Collecting with Jeff
By Jeff Figler
When I was in China a few years ago, there was a gentleman in my traveling group that owned a print shop in the Phoenix area. From an outside vendor he negotiated to buy 50 Rolex watches, one for each of his employees for about a dollar a piece. He wanted to be able to say that he was giving a Rolex to each of his workers as a bonus. Of course, it was even evident to him that the wristwatches that he purchased were not authentic Rolexes, and probably had parts that would only function for a minimal amount of time.
However, putting aside the fact that the Rolexes that friend bought were probably fake, he wanted to purchase his workers a wristwatch. The wristwatch, at one time called wristlets for ladies, has become a much-admired fashion status symbol. They have been seen virtually everywhere, even on the Moon. In our fast-paced society, people need to know what time it is, even though the cell phone has somewhat captured that necessity.
But the wristwatch is a relatively new phenomena. Many people think that a U.S. inventor devised the wristwatch. Not so fast. It was actually the Brits.
In the 19th century, soldiers discovered that their pocket watches were too clumsy and difficult to effectively operate while in combat. They needed a watch to be worn on their wrist, which would free their hands during battle. Although it is believed that the Germans may have used them during war as early as the 1880s, it was the Brits who popularized the wristwatch in their victory in the Anglo-Boer War in South Africa from 1899-1902.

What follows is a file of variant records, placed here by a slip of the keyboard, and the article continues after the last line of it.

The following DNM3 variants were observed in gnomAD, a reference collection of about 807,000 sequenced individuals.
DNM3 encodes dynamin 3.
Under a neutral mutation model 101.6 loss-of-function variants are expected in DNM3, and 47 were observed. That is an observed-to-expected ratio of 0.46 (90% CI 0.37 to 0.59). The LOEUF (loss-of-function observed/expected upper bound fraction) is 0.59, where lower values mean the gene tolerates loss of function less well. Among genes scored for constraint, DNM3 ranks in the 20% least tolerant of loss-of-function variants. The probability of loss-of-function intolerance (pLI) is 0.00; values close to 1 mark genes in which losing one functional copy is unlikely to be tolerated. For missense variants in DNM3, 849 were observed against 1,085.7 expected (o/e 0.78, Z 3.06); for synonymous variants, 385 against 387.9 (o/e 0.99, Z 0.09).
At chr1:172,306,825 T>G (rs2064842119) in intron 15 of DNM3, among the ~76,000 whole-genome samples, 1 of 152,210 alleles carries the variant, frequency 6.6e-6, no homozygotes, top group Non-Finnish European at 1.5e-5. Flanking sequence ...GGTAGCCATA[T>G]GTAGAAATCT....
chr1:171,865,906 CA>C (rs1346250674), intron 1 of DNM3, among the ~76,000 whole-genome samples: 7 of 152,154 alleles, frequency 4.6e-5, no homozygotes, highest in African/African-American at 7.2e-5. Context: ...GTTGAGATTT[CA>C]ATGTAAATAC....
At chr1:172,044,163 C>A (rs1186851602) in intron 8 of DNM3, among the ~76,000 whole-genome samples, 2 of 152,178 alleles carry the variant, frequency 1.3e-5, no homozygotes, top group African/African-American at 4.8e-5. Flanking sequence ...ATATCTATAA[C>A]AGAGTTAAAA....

In 1906, the flexible bracelet, or wristband, was devised, and metal covers were introduced soon afterwards. Wristwatches then became a wartime necessity in England, and several companies were trying to keep up with the demand. The biggest producer at this time was Wilsdorf & Davis. The company, founded in 1905, was renamed The Rolex Watch Company in 1915. The leading proponent was Hans Wilsdorf. After the Great War (World War I), many soldiers returned home with their new souvenir trench watch. They were named that because there were commonly used in trench warfare. At home, they were looked upon as being fashionable for men.
A major advance was the truly waterproof wristwatch, which was first introduced as Rolex’s Oyster, in 1926. Metal dials were introduced as well, along with a synthetic plastic to replace the fragile glass crystals.
By the mid-1930s, wristwatches accounted for about 65% of all watches exported by Switzerland. In 1931 Rolex devised the perpetually self-winding wristwatch with its Auto Rotor.
Over the years, dozens of companies have tried to compete with Rolex, including Omega, Vacheron Constantin, and Patek Philipe. However, when most people think of a nice-looking, high-functioning wristwatch these days, they think of Rolex.
Of course, auction prices are frequently inflated when the watches were owned by celebrities. For example, in a 2010 auction, the wristwatch that John Kennedy wore in his 1960 Presidential campaign, in which he defeated Richard Nixon, was sold for nearly $24000. Likewise, the Rolex given to the 1964 New York Yankees Tony Kubek, for being on the American League Championship team, was auctioned for nearly $24,000. However, the Rolex rare “James Bond” Submariner, issued in around 1958, was auctioned for over $107,000. The 1928 wristwatch of New York Yankees player Lou Gehrig was sold for over $155,000. And finally, the “Michael Delaney” TAG Heuer watch worn by actor Steve McQueen in the movie Le Mans sold for an astounding $650,000. McQueen’s own Rolex Submariner was auctioned for $234,000.
So the next time you’re in China, ask the street vendor selling Rolexes if the watches were worn by Steve McQueen or any other actor.